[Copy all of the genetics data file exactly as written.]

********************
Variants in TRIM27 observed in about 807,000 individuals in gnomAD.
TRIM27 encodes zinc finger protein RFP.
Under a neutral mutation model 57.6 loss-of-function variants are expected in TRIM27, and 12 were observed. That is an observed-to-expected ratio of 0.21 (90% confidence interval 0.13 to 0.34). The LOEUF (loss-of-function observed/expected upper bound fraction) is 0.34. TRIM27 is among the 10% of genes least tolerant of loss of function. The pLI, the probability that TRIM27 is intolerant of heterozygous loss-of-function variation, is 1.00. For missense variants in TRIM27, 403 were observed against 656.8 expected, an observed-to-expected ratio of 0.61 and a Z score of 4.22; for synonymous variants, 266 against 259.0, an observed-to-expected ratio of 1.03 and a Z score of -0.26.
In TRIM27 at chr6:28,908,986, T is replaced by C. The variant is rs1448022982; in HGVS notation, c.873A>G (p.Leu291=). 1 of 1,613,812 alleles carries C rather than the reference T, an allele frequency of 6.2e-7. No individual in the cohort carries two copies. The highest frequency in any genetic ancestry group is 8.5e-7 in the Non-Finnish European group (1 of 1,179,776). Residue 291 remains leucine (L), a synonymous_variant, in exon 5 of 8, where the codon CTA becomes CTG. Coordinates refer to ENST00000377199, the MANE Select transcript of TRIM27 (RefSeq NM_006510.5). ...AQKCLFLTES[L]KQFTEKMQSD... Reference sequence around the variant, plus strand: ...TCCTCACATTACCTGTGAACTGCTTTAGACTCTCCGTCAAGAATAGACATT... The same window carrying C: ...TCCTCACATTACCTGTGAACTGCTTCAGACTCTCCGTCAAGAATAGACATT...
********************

Variants in TRIM27 observed in about 807,000 individuals in gnomAD.
TRIM27 encodes zinc finger protein RFP.
Under a neutral mutation model 57.6 loss-of-function variants are expected in TRIM27, and 12 were observed. That is an observed-to-expected ratio of 0.21 (90% confidence interval 0.13 to 0.34). The LOEUF (loss-of-function observed/expected upper bound fraction) is 0.34. TRIM27 is among the 10% of genes least tolerant of loss of function. The pLI, the probability that TRIM27 is intolerant of heterozygous loss-of-function variation, is 1.00. For missense variants in TRIM27, 403 were observed against 656.8 expected, an observed-to-expected ratio of 0.61 and a Z score of 4.22; for synonymous variants, 266 against 259.0, an observed-to-expected ratio of 1.03 and a Z score of -0.26.
In TRIM27 at chr6:28,908,986, T is replaced by C. The variant is rs1448022982; in HGVS notation, c.873A>G (p.Leu291=). 1 of 1,613,812 alleles carries C rather than the reference T, an allele frequency of 6.2e-7. No individual in the cohort carries two copies. The highest frequency in any genetic ancestry group is 8.5e-7 in the Non-Finnish European group (1 of 1,179,776). Residue 291 remains leucine (L), a synonymous_variant, in exon 5 of 8, where the codon CTA becomes CTG. Coordinates refer to ENST00000377199, the MANE Select transcript of TRIM27 (RefSeq NM_006510.5). ...AQKCLFLTES[L]KQFTEKMQSD... Reference sequence around the variant, plus strand: ...TCCTCACATTACCTGTGAACTGCTTTAGACTCTCCGTCAAGAATAGACATT... The same window carrying C: ...TCCTCACATTACCTGTGAACTGCTTCAGACTCTCCGTCAAGAATAGACATT...